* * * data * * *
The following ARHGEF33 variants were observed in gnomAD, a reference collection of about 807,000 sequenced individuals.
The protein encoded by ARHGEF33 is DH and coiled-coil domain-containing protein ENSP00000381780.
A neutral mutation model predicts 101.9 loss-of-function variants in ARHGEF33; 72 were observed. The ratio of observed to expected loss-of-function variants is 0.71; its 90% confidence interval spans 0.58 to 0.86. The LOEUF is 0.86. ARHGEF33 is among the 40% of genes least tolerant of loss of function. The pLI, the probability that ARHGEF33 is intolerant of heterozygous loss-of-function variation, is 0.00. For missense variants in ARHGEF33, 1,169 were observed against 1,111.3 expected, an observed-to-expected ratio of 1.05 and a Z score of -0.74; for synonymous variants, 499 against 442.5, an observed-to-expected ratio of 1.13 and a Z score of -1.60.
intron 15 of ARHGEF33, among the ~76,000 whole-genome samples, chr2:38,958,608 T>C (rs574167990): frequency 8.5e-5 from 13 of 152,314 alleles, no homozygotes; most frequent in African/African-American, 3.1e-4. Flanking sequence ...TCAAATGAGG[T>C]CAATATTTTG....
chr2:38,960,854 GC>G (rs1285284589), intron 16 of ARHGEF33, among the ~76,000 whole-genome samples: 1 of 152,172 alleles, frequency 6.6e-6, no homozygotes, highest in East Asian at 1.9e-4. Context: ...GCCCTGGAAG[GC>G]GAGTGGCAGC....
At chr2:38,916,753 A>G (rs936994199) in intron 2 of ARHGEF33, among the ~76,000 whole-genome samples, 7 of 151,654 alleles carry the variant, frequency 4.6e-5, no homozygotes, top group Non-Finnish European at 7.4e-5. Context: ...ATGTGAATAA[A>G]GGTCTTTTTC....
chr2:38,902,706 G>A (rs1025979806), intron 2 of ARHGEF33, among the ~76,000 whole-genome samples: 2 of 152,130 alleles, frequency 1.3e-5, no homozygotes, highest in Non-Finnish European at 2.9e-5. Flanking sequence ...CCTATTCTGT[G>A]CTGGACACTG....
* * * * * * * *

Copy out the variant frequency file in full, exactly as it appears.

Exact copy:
The following ARHGEF33 variants were observed in gnomAD, a reference collection of about 807,000 sequenced individuals.
The protein encoded by ARHGEF33 is DH and coiled-coil domain-containing protein ENSP00000381780.
A neutral mutation model predicts 101.9 loss-of-function variants in ARHGEF33; 72 were observed. The ratio of observed to expected loss-of-function variants is 0.71; its 90% confidence interval spans 0.58 to 0.86. The LOEUF is 0.86. ARHGEF33 is among the 40% of genes least tolerant of loss of function. The pLI, the probability that ARHGEF33 is intolerant of heterozygous loss-of-function variation, is 0.00. For missense variants in ARHGEF33, 1,169 were observed against 1,111.3 expected, an observed-to-expected ratio of 1.05 and a Z score of -0.74; for synonymous variants, 499 against 442.5, an observed-to-expected ratio of 1.13 and a Z score of -1.60.
intron 15 of ARHGEF33, among the ~76,000 whole-genome samples, chr2:38,958,608 T>C (rs574167990): frequency 8.5e-5 from 13 of 152,314 alleles, no homozygotes; most frequent in African/African-American, 3.1e-4. Flanking sequence ...TCAAATGAGG[T>C]CAATATTTTG....
chr2:38,960,854 GC>G (rs1285284589), intron 16 of ARHGEF33, among the ~76,000 whole-genome samples: 1 of 152,172 alleles, frequency 6.6e-6, no homozygotes, highest in East Asian at 1.9e-4. Context: ...GCCCTGGAAG[GC>G]GAGTGGCAGC....
At chr2:38,916,753 A>G (rs936994199) in intron 2 of ARHGEF33, among the ~76,000 whole-genome samples, 7 of 151,654 alleles carry the variant, frequency 4.6e-5, no homozygotes, top group Non-Finnish European at 7.4e-5. Context: ...ATGTGAATAA[A>G]GGTCTTTTTC....
chr2:38,902,706 G>A (rs1025979806), intron 2 of ARHGEF33, among the ~76,000 whole-genome samples: 2 of 152,130 alleles, frequency 1.3e-5, no homozygotes, highest in Non-Finnish European at 2.9e-5. Flanking sequence ...CCTATTCTGT[G>A]CTGGACACTG....